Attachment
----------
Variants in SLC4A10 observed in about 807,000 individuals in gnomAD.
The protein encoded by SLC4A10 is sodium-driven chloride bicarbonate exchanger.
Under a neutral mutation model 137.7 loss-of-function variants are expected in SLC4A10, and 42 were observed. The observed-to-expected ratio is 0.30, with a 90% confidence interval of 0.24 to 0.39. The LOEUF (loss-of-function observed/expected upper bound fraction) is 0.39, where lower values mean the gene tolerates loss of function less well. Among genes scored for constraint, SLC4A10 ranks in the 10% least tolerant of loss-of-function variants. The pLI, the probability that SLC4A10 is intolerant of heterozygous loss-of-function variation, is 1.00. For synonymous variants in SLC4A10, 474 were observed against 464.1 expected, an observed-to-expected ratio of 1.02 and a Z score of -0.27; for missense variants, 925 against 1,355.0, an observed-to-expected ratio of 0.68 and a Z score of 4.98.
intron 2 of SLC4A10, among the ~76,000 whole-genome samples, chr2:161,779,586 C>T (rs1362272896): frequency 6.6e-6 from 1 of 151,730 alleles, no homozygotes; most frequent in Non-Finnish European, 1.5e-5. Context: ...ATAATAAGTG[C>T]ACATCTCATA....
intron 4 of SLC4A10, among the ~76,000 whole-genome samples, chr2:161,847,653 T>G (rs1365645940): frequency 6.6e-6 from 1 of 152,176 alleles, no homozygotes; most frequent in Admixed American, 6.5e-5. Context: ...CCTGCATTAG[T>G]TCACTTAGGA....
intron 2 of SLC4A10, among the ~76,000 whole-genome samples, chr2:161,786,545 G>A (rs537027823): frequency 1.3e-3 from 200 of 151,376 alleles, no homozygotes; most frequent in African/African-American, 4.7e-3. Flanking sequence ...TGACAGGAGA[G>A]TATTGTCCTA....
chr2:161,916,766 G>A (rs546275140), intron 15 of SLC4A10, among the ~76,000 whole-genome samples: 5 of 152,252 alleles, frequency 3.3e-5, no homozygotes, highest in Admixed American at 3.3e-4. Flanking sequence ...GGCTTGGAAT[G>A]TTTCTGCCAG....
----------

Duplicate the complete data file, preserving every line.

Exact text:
Variants in SLC4A10 observed in about 807,000 individuals in gnomAD.
The protein encoded by SLC4A10 is sodium-driven chloride bicarbonate exchanger.
Under a neutral mutation model 137.7 loss-of-function variants are expected in SLC4A10, and 42 were observed. The observed-to-expected ratio is 0.30, with a 90% confidence interval of 0.24 to 0.39. The LOEUF (loss-of-function observed/expected upper bound fraction) is 0.39, where lower values mean the gene tolerates loss of function less well. Among genes scored for constraint, SLC4A10 ranks in the 10% least tolerant of loss-of-function variants. The pLI, the probability that SLC4A10 is intolerant of heterozygous loss-of-function variation, is 1.00. For synonymous variants in SLC4A10, 474 were observed against 464.1 expected, an observed-to-expected ratio of 1.02 and a Z score of -0.27; for missense variants, 925 against 1,355.0, an observed-to-expected ratio of 0.68 and a Z score of 4.98.
intron 2 of SLC4A10, among the ~76,000 whole-genome samples, chr2:161,779,586 C>T (rs1362272896): frequency 6.6e-6 from 1 of 151,730 alleles, no homozygotes; most frequent in Non-Finnish European, 1.5e-5. Context: ...ATAATAAGTG[C>T]ACATCTCATA....
intron 4 of SLC4A10, among the ~76,000 whole-genome samples, chr2:161,847,653 T>G (rs1365645940): frequency 6.6e-6 from 1 of 152,176 alleles, no homozygotes; most frequent in Admixed American, 6.5e-5. Context: ...CCTGCATTAG[T>G]TCACTTAGGA....
intron 2 of SLC4A10, among the ~76,000 whole-genome samples, chr2:161,786,545 G>A (rs537027823): frequency 1.3e-3 from 200 of 151,376 alleles, no homozygotes; most frequent in African/African-American, 4.7e-3. Flanking sequence ...TGACAGGAGA[G>A]TATTGTCCTA....
chr2:161,916,766 G>A (rs546275140), intron 15 of SLC4A10, among the ~76,000 whole-genome samples: 5 of 152,252 alleles, frequency 3.3e-5, no homozygotes, highest in Admixed American at 3.3e-4. Flanking sequence ...GGCTTGGAAT[G>A]TTTCTGCCAG....